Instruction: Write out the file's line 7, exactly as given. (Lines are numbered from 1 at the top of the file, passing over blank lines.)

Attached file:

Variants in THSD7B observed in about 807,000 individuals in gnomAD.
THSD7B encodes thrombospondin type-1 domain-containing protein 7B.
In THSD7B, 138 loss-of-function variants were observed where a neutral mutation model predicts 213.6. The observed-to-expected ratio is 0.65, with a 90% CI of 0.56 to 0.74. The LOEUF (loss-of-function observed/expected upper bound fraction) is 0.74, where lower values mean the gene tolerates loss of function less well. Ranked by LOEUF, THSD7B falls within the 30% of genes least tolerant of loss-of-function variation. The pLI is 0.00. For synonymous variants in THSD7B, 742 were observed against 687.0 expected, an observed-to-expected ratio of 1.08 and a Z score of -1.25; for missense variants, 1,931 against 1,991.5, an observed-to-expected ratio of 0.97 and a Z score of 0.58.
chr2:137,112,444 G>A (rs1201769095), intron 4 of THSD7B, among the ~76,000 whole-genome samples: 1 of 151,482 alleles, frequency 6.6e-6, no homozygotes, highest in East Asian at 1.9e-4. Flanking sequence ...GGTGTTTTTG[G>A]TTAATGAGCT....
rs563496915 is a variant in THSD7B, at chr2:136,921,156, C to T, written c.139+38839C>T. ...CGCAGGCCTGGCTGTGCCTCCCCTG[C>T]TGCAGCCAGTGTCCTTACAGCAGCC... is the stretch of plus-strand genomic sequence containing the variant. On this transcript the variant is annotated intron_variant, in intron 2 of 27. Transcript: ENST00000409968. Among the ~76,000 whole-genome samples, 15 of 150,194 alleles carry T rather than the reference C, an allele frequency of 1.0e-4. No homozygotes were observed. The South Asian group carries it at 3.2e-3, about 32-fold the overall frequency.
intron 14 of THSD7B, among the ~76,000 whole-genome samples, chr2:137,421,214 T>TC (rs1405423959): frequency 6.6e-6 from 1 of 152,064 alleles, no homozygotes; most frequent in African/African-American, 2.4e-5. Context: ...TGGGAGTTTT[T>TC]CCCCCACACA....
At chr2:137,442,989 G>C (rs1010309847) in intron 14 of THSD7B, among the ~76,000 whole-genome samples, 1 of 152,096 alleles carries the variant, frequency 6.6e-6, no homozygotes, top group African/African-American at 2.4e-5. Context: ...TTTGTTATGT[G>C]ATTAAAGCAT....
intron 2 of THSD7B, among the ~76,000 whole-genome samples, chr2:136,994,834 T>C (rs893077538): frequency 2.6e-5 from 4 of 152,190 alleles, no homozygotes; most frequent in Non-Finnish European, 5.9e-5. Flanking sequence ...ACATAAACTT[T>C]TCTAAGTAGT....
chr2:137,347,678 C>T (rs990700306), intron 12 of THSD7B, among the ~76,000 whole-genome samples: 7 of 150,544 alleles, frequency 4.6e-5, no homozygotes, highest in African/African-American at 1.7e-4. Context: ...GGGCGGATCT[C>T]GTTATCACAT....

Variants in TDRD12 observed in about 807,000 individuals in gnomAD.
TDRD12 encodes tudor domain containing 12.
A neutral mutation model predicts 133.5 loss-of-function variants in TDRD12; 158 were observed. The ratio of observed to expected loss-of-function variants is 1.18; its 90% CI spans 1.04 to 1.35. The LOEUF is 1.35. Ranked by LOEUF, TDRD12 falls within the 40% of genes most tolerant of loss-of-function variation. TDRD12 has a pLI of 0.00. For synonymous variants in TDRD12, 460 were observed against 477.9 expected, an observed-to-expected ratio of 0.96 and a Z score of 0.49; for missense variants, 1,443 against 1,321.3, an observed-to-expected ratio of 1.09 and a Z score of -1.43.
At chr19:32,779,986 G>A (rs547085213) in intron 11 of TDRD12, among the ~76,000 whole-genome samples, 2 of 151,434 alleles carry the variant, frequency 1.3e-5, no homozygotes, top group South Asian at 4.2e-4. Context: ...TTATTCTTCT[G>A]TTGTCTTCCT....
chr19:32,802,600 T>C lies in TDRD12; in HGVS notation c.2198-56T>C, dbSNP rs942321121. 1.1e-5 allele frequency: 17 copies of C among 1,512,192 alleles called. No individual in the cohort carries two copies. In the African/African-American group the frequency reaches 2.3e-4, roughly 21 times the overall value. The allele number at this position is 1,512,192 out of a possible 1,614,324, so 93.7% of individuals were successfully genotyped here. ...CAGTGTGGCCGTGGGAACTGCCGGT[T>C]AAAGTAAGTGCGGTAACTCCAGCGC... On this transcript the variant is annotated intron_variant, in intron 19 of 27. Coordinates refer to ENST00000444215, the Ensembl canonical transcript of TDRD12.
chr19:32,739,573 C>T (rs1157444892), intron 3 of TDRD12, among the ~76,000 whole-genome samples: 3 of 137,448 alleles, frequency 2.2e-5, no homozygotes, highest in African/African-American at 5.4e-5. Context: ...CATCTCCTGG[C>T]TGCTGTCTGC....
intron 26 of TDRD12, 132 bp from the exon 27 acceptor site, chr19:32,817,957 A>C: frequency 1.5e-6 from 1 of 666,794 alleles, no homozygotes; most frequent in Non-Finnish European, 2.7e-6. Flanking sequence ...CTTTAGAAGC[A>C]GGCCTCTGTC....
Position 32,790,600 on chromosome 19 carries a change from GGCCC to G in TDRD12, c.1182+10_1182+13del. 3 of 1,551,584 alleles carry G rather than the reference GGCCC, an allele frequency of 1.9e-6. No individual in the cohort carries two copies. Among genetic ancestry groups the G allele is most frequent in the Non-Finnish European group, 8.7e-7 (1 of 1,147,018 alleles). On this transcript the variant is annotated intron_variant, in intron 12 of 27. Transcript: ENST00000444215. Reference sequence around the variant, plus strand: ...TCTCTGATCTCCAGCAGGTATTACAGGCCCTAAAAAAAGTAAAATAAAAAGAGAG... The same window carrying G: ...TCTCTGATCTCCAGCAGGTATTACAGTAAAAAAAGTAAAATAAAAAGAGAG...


At chr2:137,442,989 G>C (rs1010309847) in intron 14 of THSD7B, among the ~76,000 whole-genome samples, 1 of 152,096 alleles carries the variant, frequency 6.6e-6, no homozygotes, top group African/African-American at 2.4e-5. Context: ...TTTGTTATGT[G>C]ATTAAAGCAT....